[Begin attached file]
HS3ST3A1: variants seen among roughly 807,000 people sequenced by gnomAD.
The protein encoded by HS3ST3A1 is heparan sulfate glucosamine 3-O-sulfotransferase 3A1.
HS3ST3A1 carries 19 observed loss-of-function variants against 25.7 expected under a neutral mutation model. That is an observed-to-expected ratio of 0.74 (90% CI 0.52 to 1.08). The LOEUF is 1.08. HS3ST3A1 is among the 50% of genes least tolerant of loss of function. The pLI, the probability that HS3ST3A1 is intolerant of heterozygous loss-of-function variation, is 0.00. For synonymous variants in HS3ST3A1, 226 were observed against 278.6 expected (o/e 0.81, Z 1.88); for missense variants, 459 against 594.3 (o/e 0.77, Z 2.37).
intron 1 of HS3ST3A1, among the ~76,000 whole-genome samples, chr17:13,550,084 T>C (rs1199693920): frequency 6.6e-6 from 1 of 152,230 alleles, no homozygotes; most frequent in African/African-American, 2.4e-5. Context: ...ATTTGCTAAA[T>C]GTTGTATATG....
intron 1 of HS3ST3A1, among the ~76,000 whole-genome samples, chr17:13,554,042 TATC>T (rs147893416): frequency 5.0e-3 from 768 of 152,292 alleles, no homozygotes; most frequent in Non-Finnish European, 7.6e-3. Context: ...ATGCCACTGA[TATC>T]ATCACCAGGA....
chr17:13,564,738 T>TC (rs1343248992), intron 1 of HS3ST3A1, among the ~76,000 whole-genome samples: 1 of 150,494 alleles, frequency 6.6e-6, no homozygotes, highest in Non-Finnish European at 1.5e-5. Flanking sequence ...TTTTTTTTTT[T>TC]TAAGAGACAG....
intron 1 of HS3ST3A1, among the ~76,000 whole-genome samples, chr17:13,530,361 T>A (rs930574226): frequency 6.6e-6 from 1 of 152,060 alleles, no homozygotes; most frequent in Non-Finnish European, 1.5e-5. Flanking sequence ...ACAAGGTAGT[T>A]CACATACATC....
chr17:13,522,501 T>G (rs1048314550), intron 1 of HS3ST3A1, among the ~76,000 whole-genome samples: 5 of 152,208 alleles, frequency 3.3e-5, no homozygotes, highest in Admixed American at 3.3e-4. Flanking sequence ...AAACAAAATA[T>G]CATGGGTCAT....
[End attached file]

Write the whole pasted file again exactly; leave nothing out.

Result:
HS3ST3A1: variants seen among roughly 807,000 people sequenced by gnomAD.
The protein encoded by HS3ST3A1 is heparan sulfate glucosamine 3-O-sulfotransferase 3A1.
HS3ST3A1 carries 19 observed loss-of-function variants against 25.7 expected under a neutral mutation model. That is an observed-to-expected ratio of 0.74 (90% CI 0.52 to 1.08). The LOEUF is 1.08. HS3ST3A1 is among the 50% of genes least tolerant of loss of function. The pLI, the probability that HS3ST3A1 is intolerant of heterozygous loss-of-function variation, is 0.00. For synonymous variants in HS3ST3A1, 226 were observed against 278.6 expected (o/e 0.81, Z 1.88); for missense variants, 459 against 594.3 (o/e 0.77, Z 2.37).
intron 1 of HS3ST3A1, among the ~76,000 whole-genome samples, chr17:13,550,084 T>C (rs1199693920): frequency 6.6e-6 from 1 of 152,230 alleles, no homozygotes; most frequent in African/African-American, 2.4e-5. Context: ...ATTTGCTAAA[T>C]GTTGTATATG....
intron 1 of HS3ST3A1, among the ~76,000 whole-genome samples, chr17:13,554,042 TATC>T (rs147893416): frequency 5.0e-3 from 768 of 152,292 alleles, no homozygotes; most frequent in Non-Finnish European, 7.6e-3. Context: ...ATGCCACTGA[TATC>T]ATCACCAGGA....
chr17:13,564,738 T>TC (rs1343248992), intron 1 of HS3ST3A1, among the ~76,000 whole-genome samples: 1 of 150,494 alleles, frequency 6.6e-6, no homozygotes, highest in Non-Finnish European at 1.5e-5. Flanking sequence ...TTTTTTTTTT[T>TC]TAAGAGACAG....
intron 1 of HS3ST3A1, among the ~76,000 whole-genome samples, chr17:13,530,361 T>A (rs930574226): frequency 6.6e-6 from 1 of 152,060 alleles, no homozygotes; most frequent in Non-Finnish European, 1.5e-5. Flanking sequence ...ACAAGGTAGT[T>A]CACATACATC....
chr17:13,522,501 T>G (rs1048314550), intron 1 of HS3ST3A1, among the ~76,000 whole-genome samples: 5 of 152,208 alleles, frequency 3.3e-5, no homozygotes, highest in Admixed American at 3.3e-4. Flanking sequence ...AAACAAAATA[T>G]CATGGGTCAT....